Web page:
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Tuttle v. Ryan, 2007 Ga. LEXIS 842 (2007)

Porter Morrison Ryan was survived by her daughter, Mary Frances Tuttle and other relatives. After Porter died in 2003, Tuttle asked the court to probate a Will executed in 1956. The other relatives objected, contending that the 1956 Will was revoked when Porter executed a new Will in 1999. Tuttle responded arguing that Porter was not competent to execute a new Will in 1999. The probate court held a hearing, after which it found that the 1999 Will was valid and entered it for probate.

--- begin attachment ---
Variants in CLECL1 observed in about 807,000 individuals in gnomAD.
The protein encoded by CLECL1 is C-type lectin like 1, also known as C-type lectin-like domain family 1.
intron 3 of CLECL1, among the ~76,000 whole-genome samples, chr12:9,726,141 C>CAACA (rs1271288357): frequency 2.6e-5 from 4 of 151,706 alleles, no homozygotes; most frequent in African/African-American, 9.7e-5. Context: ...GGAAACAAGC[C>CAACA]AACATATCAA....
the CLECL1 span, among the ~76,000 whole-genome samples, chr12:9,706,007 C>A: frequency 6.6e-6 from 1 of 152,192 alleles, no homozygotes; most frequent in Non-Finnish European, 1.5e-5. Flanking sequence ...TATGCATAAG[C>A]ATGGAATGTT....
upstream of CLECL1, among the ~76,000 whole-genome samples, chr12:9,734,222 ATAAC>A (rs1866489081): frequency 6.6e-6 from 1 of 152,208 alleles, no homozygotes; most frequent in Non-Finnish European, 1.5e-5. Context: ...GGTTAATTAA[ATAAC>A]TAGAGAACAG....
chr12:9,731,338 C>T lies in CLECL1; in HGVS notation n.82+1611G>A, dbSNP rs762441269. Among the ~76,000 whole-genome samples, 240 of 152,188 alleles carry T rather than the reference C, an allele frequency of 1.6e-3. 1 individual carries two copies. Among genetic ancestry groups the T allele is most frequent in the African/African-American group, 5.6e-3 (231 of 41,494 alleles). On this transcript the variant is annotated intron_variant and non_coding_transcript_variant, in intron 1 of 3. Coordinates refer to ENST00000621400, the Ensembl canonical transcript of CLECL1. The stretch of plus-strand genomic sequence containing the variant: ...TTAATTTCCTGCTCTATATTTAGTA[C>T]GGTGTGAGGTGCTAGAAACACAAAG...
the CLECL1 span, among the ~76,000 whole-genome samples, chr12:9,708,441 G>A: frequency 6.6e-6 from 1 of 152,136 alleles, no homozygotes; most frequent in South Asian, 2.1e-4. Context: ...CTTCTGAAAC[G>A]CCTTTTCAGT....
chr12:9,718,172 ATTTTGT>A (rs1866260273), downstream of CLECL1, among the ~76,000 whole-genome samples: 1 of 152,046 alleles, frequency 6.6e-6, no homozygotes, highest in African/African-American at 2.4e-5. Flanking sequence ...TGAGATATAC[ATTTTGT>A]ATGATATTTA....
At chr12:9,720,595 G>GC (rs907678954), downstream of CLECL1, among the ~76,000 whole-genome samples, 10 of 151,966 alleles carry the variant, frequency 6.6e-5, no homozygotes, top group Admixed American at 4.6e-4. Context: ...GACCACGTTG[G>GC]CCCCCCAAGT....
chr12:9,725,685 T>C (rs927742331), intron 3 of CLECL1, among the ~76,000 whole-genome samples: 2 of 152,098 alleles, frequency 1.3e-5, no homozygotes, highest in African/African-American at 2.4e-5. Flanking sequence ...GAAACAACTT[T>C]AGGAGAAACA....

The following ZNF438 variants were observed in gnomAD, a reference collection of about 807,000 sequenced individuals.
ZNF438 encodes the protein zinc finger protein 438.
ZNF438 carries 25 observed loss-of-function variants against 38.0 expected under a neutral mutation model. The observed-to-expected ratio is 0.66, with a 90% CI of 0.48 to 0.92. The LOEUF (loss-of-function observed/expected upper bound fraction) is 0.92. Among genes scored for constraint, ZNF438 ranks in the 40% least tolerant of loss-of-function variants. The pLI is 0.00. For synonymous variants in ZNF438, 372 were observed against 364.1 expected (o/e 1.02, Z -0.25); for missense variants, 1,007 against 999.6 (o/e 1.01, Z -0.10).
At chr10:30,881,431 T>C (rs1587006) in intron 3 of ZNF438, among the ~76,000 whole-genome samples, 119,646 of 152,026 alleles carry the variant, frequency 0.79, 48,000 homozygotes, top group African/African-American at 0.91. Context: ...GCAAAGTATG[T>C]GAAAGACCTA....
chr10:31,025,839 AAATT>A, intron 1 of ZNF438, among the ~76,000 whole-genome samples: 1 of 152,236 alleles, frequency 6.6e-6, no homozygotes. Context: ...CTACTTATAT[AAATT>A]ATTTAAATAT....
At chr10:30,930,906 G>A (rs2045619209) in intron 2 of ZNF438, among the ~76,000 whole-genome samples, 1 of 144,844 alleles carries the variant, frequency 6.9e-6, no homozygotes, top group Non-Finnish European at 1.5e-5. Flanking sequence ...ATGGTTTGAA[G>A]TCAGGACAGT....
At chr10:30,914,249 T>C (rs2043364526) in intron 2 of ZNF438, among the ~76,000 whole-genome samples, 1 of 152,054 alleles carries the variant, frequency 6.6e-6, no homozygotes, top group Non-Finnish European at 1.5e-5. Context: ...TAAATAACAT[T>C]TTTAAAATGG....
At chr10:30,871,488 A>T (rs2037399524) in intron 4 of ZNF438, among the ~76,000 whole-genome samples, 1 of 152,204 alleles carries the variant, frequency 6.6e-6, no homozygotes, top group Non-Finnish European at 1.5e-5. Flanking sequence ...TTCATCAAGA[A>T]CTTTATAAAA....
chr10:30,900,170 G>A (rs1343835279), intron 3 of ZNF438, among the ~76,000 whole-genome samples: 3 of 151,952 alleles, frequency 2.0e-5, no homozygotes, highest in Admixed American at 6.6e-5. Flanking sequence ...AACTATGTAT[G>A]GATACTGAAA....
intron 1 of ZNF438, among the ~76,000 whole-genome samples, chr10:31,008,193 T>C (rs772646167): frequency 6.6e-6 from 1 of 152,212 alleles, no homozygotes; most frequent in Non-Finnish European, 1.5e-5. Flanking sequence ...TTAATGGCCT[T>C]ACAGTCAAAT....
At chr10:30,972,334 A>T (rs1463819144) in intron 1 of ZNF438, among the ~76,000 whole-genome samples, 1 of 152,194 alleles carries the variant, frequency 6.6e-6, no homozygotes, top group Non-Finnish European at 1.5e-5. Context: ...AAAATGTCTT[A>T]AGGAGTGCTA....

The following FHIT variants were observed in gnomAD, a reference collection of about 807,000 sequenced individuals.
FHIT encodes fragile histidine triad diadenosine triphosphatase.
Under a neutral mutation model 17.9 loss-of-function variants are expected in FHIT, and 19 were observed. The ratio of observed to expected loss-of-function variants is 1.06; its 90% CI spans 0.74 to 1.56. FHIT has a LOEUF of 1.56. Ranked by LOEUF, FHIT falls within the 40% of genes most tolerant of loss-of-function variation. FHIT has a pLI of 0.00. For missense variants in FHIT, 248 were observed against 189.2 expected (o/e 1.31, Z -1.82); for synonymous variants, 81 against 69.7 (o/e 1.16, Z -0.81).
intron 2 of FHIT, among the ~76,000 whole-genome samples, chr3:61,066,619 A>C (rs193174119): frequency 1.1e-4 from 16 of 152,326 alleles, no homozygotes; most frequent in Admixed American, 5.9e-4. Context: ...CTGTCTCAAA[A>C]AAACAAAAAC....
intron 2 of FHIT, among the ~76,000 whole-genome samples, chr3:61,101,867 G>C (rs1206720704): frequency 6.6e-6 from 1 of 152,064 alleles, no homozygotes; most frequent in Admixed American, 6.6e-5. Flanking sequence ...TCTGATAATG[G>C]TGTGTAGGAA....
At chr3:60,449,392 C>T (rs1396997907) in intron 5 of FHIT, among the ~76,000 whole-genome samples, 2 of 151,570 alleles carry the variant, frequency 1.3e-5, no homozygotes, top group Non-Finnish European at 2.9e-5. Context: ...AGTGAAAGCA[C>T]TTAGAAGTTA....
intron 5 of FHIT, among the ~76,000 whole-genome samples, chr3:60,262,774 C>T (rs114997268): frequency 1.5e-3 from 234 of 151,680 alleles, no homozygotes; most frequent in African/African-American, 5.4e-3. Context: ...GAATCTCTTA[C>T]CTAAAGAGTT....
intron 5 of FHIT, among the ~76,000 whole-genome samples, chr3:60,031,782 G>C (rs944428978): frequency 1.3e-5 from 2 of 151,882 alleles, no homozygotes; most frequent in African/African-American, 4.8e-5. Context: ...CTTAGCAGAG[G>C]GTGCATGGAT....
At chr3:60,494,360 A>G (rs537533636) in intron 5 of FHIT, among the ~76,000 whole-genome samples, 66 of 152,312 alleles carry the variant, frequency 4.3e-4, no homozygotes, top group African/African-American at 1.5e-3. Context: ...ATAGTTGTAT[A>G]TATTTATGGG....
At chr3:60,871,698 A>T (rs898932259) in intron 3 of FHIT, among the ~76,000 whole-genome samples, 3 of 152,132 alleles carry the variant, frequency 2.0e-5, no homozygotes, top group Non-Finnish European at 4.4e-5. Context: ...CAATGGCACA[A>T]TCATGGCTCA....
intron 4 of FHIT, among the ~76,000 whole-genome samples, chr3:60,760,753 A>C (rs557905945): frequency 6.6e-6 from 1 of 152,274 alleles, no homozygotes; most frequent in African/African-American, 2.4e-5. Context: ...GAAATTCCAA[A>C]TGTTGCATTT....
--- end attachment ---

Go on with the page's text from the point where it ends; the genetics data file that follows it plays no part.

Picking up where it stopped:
On appeal, the court affirmed the decision below after finding there was evidence to support the probate court’s findings. The controlling question was whether Porter had sufficient testamentary capacity at the time of executing the Will. There was testimony from the attorney who prepared and witnessed the self-proved will, see OCGA § 53-4-24, an associate who also witnessed Ryan’s execution of the will, and the legal secretary who was present and notarized the will, all of which supported the probate court’s finding that Ryan possessed the necessary testamentary capacity at the time the 1999 will was executed.

Decided: November 5, 2007

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